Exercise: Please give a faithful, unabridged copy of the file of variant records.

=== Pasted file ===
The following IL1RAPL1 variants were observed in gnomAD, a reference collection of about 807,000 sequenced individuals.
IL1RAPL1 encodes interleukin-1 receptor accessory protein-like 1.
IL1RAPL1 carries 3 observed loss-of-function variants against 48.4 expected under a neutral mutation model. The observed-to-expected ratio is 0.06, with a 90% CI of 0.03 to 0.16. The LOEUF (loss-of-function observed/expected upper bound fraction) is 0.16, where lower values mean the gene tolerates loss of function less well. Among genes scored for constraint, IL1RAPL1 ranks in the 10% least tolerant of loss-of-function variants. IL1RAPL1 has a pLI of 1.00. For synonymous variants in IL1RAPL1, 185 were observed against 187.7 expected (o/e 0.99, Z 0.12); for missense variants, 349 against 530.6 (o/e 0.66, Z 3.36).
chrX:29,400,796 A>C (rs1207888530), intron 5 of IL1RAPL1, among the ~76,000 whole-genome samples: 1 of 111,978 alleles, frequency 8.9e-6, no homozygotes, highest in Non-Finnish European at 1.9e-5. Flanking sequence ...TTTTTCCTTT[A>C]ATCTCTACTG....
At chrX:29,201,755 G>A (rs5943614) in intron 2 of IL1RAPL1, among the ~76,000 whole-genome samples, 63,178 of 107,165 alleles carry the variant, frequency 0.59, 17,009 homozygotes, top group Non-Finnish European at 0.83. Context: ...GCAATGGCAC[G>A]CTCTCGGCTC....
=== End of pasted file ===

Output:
The following IL1RAPL1 variants were observed in gnomAD, a reference collection of about 807,000 sequenced individuals.
IL1RAPL1 encodes interleukin-1 receptor accessory protein-like 1.
IL1RAPL1 carries 3 observed loss-of-function variants against 48.4 expected under a neutral mutation model. The observed-to-expected ratio is 0.06, with a 90% CI of 0.03 to 0.16. The LOEUF (loss-of-function observed/expected upper bound fraction) is 0.16, where lower values mean the gene tolerates loss of function less well. Among genes scored for constraint, IL1RAPL1 ranks in the 10% least tolerant of loss-of-function variants. IL1RAPL1 has a pLI of 1.00. For synonymous variants in IL1RAPL1, 185 were observed against 187.7 expected (o/e 0.99, Z 0.12); for missense variants, 349 against 530.6 (o/e 0.66, Z 3.36).
chrX:29,400,796 A>C (rs1207888530), intron 5 of IL1RAPL1, among the ~76,000 whole-genome samples: 1 of 111,978 alleles, frequency 8.9e-6, no homozygotes, highest in Non-Finnish European at 1.9e-5. Flanking sequence ...TTTTTCCTTT[A>C]ATCTCTACTG....
At chrX:29,201,755 G>A (rs5943614) in intron 2 of IL1RAPL1, among the ~76,000 whole-genome samples, 63,178 of 107,165 alleles carry the variant, frequency 0.59, 17,009 homozygotes, top group Non-Finnish European at 0.83. Context: ...GCAATGGCAC[G>A]CTCTCGGCTC....